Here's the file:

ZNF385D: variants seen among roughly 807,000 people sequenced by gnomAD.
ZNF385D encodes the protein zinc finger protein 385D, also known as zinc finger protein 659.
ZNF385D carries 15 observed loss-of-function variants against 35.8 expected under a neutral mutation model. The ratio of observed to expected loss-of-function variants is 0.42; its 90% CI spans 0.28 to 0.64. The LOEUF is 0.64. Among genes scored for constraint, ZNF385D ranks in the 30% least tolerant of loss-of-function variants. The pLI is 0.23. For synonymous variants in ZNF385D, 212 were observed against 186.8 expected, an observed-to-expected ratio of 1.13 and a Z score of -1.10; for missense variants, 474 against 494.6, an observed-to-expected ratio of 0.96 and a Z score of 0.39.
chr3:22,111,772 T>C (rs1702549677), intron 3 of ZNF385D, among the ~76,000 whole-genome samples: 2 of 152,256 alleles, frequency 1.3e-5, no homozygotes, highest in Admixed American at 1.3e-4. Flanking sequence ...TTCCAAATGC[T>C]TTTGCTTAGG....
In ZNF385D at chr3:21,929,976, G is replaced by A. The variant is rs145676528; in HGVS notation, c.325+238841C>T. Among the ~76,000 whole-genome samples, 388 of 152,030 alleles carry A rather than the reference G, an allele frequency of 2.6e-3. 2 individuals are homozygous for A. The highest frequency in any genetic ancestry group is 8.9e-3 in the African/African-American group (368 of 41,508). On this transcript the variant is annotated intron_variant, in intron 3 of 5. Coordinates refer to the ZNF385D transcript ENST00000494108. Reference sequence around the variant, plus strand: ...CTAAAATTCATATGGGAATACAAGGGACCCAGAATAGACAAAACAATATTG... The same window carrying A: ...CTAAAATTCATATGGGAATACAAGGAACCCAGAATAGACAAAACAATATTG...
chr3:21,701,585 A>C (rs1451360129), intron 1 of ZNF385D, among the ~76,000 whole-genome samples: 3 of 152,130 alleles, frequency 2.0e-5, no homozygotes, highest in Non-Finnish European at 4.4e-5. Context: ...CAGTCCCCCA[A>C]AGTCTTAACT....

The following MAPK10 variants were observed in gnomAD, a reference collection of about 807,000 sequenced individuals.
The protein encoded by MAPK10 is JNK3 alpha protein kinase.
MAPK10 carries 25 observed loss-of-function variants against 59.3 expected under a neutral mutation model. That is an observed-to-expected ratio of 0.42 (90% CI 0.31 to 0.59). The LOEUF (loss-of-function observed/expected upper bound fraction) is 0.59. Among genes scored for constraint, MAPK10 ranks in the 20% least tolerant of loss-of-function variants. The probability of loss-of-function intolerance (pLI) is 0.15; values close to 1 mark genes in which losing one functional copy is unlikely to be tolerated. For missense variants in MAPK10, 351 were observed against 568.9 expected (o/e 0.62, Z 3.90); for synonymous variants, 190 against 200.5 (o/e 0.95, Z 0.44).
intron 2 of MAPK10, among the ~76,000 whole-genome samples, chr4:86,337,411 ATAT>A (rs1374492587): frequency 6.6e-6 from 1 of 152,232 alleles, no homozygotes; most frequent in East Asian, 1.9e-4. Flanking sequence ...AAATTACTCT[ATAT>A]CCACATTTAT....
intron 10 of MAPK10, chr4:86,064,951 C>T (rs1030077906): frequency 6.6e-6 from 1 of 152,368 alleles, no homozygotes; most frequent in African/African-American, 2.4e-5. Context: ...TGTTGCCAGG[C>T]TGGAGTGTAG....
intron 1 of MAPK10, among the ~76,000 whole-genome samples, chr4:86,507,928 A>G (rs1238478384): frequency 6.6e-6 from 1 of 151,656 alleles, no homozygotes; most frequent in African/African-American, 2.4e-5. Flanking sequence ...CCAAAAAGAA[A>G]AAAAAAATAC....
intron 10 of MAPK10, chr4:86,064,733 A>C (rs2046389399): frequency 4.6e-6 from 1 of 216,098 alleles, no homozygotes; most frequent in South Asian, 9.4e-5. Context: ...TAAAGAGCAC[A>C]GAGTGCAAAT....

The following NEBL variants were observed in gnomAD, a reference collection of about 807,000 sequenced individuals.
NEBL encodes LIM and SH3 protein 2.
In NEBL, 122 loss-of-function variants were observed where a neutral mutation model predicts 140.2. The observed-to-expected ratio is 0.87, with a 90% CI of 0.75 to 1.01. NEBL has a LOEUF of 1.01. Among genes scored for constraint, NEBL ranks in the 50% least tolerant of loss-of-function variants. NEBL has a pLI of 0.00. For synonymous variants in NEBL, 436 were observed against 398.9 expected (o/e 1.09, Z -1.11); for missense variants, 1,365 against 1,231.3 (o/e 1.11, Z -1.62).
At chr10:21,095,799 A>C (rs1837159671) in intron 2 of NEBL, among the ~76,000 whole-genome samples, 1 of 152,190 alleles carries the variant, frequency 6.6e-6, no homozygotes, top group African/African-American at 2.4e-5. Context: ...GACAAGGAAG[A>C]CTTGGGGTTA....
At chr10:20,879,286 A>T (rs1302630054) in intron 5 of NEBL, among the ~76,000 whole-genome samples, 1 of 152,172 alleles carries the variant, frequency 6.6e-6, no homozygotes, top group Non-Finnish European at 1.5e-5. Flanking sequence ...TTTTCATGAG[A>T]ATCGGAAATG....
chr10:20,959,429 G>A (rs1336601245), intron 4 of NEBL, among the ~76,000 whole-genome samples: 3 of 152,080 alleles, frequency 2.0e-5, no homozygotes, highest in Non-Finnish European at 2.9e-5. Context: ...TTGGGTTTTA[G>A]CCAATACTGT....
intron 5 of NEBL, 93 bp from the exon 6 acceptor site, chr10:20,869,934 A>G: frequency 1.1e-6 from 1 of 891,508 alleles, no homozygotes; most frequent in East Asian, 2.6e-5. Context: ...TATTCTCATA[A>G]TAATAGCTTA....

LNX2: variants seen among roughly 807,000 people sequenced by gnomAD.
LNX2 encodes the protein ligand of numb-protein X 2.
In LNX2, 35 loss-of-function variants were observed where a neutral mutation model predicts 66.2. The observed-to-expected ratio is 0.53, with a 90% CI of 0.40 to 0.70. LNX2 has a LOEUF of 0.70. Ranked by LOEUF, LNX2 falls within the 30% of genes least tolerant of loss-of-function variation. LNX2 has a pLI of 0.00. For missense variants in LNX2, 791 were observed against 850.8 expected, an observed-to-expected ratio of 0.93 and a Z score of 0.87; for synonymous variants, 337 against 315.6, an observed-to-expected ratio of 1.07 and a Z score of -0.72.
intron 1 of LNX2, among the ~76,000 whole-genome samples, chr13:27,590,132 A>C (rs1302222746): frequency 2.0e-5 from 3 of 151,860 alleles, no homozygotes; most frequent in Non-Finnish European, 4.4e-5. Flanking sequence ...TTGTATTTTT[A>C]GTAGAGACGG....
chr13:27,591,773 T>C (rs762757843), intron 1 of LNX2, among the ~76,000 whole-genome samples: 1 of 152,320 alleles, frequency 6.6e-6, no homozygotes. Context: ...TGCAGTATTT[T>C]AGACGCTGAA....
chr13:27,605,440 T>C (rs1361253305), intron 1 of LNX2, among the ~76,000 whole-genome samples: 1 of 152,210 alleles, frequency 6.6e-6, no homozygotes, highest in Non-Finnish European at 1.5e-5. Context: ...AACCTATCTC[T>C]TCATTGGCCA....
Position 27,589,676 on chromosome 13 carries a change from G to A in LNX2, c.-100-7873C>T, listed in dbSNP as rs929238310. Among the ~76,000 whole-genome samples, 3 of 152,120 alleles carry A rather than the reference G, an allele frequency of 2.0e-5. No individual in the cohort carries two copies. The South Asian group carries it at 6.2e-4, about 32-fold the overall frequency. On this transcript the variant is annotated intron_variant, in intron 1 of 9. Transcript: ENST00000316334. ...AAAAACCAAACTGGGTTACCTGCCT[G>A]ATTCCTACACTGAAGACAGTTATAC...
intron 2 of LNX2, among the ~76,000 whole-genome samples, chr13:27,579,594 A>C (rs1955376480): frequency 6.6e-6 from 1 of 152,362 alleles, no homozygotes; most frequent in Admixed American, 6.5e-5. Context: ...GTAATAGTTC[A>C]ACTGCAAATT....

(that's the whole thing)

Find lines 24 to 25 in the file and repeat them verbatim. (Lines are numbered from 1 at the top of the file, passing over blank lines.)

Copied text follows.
intron 1 of LNX2, among the ~76,000 whole-genome samples, chr13:27,590,132 A>C (rs1302222746): frequency 2.0e-5 from 3 of 151,860 alleles, no homozygotes; most frequent in Non-Finnish European, 4.4e-5. Flanking sequence ...TTGTATTTTT[A>C]GTAGAGACGG....
chr13:27,591,773 T>C (rs762757843), intron 1 of LNX2, among the ~76,000 whole-genome samples: 1 of 152,320 alleles, frequency 6.6e-6, no homozygotes. Context: ...TGCAGTATTT[T>C]AGACGCTGAA....